March 27, 2013
I love Lent! I love the feeling of getting down to basics, cleaning out the junk in our lives, and making a fresh start. I love the sense that spring is coming, and winter is nearly done; even though our yards and roads are still covered by ice and snow and our trees are bare and gray, the light lasts a little bit longer every day. Best of all, I love when Holy Week is here. When I was a child, sitting in the balcony at Assumption, I relished every minute of the solemn rituals of Palm Sunday, Holy Thursday, Good Friday, and Easter. But my favorite liturgy was, hands down, the Easter Vigil. My mom was in the choir, so when my sisters and I were old enough, we sat with my dad at the front of the balcony.
My first order of business, upon arrival, was to look in the missalette and see how many pages were devoted to the Vigil. To me, more pages meant this was a VERY important night, loaded with ancient symbolism and mystical meaning. Soon the lights would go out, and for a short time, we would sit in total darkness. Then the light of the Easter candle would start spreading to the candles held by everyone in church; from my vantage point in the balcony I could watch the soft candlelight move gently up to the sanctuary and out to all the corners of the church. Someone from the choir was sent downstairs to retrieve light for the choir members, and then we, too, had a little piece of the light. Even as a kid, I loved the idea that all that light came from one candle, the Easter candle. No one had to explain what that meant, because the symbolism said it all. The world was dark, but Christ filled it with light, and the light spread by the simple action of one person sharing the light with another. This beautiful ritual then concluded with a very long, very beautiful chant: the Exsultet, sung at Assumption by a single gorgeous tenor voice. Standing by the Easter candle, the singer intoned an ancient hymn praising the saving action of God, full of mystical poetry and extravagant musical flourishes. I adored it and was always a little sad when the everyday electric lights were turned on.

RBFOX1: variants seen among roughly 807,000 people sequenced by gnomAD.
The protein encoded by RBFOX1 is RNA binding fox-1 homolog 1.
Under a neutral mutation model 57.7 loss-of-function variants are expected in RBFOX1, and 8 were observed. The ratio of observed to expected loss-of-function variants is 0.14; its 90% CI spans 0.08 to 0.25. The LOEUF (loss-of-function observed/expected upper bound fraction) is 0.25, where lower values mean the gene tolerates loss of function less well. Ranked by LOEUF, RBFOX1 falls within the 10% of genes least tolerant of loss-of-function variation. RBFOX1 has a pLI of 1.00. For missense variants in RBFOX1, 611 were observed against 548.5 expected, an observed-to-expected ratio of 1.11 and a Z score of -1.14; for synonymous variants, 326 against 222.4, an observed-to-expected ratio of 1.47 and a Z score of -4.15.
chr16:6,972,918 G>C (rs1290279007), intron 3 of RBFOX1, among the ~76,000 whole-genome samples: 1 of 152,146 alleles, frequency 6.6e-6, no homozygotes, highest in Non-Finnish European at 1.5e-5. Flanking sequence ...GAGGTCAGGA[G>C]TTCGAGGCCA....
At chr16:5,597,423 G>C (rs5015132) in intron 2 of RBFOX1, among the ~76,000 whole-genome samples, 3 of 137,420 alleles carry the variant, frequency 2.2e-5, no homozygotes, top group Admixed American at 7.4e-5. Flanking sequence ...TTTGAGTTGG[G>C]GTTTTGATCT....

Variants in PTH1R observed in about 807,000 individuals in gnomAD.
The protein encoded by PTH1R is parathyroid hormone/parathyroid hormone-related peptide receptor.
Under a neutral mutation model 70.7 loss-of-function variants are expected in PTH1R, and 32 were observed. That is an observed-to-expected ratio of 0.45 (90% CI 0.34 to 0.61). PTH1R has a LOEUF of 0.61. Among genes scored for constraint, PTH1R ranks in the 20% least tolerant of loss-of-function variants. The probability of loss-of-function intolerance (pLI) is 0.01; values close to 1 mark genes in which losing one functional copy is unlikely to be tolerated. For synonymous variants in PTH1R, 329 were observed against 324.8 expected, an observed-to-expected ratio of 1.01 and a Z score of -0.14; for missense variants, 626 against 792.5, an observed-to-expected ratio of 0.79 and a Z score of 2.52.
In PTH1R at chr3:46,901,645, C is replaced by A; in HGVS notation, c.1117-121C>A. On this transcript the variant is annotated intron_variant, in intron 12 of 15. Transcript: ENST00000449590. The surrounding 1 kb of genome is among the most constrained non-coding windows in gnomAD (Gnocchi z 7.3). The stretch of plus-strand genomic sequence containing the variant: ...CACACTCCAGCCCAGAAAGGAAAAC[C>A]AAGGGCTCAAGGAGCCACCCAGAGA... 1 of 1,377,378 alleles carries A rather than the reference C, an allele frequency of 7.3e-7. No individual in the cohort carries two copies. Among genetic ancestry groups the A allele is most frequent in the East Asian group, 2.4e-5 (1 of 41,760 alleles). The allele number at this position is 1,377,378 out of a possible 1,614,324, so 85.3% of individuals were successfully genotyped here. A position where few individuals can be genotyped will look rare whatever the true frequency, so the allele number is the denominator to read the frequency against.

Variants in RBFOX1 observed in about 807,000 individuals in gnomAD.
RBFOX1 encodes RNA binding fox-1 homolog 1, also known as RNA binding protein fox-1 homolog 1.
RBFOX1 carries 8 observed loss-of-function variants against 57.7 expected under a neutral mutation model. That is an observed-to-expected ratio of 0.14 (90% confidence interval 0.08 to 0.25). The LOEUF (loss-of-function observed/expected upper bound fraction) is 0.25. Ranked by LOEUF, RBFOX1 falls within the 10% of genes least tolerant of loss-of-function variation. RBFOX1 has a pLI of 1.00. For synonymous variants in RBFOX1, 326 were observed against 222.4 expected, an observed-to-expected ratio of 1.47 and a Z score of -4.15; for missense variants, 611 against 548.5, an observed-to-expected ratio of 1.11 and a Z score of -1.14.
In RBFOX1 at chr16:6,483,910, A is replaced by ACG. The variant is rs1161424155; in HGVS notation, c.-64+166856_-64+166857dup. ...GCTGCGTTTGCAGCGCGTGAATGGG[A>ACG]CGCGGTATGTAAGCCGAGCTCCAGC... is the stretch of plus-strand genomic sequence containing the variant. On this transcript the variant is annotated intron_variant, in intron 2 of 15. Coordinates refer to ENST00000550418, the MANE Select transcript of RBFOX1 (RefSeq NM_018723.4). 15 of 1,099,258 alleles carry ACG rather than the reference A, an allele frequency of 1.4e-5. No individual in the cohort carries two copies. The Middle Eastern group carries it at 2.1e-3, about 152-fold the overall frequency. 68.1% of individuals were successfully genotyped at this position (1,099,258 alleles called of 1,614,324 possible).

Now, as an adult here at St. Richard, just a mile or two from where I celebrated so many wonderful Easter Vigils, I have the awesome privilege of participating in the singing of the Exsultet. The new translation is still mystical and poetic and even has added vivid images of the bees who made the wax for the candle. Above all, the Exsultet calls us to profound, shattering joy. And it is truly a joy to sing this hymn, surrounded by the light of hundreds of candles:
“Let earth be glad, as glory floods her, ablaze with light from her eternal King.
Let all corners of the earth be glad, knowing an end to gloom and darkness….
let this holy building shake with joy, filled with the mighty voices of the peoples.”